Engishiki Jinmyocho (register of shrines in Japan) (延喜式神名帳)
The Engishiki Jinmyocho is the name given to the ninth and the tenth volumes of the "Engishiki" (an ancient Japanese book of administrative regulations and ceremonial procedures that was completed in 927), which provide a list of shrines throughout the country that were designated as 'kansha' (official shrines) at that time. The shrines listed in the Engishiki Jinmyocho are called Engishikinaisha (or simply Shikinaisha or Shikisha), meaning 'shrines listed in the Engishiki,' and this term also represents a kind of shrine ranking.
The 'Jinmyocho' was originally a kansha list created by the Jingikan (department of worship), which was instituted under the kodai ritsuryosei (ancient East Asian system of centralized governance), and it is also called the Kanshacho (book of official shrines). The shrines are sorted according to their provinces and districts, along with their respective enshrined deities and shrine rankings. The Engishiki Jinmyocho is the series of the Jinmyocho as of the time that the Engishiki was documented. The Engishiki Jinmyocho lists 2861 shrines (thus called Shikinaisha) across the country, and the number of their enshrined deities (Shinto) is 3132.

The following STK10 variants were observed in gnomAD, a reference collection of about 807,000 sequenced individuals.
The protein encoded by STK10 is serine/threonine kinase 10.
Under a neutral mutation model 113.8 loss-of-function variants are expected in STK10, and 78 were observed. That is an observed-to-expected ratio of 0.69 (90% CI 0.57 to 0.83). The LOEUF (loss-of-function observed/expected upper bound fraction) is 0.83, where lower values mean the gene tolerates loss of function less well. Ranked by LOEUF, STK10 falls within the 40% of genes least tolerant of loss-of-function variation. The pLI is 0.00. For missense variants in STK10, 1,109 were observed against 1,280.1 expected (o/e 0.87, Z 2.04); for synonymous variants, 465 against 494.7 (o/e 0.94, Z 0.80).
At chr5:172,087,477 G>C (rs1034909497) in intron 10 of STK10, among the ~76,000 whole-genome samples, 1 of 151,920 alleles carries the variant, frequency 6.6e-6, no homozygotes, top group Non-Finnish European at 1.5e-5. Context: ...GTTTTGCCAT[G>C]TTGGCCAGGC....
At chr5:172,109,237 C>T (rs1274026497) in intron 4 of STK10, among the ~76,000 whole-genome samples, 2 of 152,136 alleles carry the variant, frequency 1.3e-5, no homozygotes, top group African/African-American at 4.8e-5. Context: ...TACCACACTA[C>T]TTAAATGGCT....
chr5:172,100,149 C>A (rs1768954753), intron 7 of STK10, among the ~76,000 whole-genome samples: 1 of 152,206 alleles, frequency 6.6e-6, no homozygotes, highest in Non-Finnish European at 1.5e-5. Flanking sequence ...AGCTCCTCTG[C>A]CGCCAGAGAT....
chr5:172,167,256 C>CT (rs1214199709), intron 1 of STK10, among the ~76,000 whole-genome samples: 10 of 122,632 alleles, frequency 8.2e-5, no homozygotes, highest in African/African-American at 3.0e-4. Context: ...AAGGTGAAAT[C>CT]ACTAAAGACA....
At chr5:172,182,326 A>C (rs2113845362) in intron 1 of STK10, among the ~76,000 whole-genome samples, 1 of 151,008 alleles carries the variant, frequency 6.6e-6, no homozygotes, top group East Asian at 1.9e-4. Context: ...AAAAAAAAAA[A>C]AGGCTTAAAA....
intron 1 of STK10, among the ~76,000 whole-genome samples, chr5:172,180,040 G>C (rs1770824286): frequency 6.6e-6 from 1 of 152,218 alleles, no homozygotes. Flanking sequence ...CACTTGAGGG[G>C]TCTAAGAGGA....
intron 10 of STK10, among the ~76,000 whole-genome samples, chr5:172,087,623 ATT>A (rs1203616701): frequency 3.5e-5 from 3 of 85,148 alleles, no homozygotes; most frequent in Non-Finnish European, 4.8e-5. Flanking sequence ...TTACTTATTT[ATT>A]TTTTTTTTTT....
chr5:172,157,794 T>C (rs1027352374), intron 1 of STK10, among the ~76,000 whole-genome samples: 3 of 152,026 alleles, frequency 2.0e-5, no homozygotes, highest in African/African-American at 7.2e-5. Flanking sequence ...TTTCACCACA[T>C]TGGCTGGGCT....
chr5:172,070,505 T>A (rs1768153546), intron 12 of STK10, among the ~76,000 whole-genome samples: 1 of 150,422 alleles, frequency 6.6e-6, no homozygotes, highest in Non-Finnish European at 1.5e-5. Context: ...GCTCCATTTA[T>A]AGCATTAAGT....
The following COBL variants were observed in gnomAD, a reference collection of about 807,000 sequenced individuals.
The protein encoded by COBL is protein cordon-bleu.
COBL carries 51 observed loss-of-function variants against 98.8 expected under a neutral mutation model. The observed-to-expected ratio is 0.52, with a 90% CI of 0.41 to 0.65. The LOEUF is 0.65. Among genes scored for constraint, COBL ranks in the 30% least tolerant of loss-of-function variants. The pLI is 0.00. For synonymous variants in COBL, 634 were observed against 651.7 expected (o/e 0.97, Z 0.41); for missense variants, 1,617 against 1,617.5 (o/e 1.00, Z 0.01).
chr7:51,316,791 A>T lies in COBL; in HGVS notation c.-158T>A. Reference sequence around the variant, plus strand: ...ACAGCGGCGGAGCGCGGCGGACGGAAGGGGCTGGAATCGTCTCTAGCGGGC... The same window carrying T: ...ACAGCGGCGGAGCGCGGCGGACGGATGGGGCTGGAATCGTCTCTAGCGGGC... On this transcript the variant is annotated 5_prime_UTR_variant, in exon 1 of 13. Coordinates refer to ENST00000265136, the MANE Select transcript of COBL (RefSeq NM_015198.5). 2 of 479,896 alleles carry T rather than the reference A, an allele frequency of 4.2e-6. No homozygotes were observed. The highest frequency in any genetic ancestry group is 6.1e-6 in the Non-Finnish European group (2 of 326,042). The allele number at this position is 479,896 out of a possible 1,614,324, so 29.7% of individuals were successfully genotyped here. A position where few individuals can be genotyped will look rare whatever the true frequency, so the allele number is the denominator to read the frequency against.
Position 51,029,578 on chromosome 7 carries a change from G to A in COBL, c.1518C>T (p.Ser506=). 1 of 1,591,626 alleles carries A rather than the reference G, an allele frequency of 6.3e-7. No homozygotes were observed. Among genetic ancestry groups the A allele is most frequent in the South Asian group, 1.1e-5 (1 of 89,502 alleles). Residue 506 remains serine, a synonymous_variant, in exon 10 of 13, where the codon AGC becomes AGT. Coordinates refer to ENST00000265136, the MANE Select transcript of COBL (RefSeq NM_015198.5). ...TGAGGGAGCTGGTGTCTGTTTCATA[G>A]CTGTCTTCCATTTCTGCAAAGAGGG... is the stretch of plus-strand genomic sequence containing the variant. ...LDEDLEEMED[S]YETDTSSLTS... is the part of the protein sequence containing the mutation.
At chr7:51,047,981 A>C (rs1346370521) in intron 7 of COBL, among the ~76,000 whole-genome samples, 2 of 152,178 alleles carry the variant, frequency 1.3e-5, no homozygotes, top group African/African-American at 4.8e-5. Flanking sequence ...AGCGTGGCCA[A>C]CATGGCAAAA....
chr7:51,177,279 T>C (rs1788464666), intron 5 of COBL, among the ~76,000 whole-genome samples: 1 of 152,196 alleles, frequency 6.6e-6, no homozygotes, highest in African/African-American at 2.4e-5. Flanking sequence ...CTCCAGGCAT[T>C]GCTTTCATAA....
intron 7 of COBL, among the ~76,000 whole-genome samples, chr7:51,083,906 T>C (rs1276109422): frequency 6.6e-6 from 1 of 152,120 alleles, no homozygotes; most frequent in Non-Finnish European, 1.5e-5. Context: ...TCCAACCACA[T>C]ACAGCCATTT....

The Shikinaisha shrines were regarded as official shrines by the Imperial Court at the beginning of the 10th century when the Engishiki was edited, and its selection was greatly affected by the political situation. Shrines which definitely existed at that time but were not listed on the Engishiki Jinmyocho are called Shikigesha. The Shikigesha shrines include shrines which were out of the Imperial Court's sphere, shrines which had their own influence (such as Kumano Nachi Taisha Shrine), shrines which were thought to enshrine the Buddha due to the syncretism of Shinto and Buddhism, shrines which were under Buddhist priests' control (such as Iwashimizu Hachimangu Shrine), and shrines which did not have a formal shrine building. The Shikigesha shrines which are listed on the Rikkokushi (Japan's six national histories) are specially referred to as Kokushigenzaisha (some Shikinaisha shrines are also included in this in a broad sense).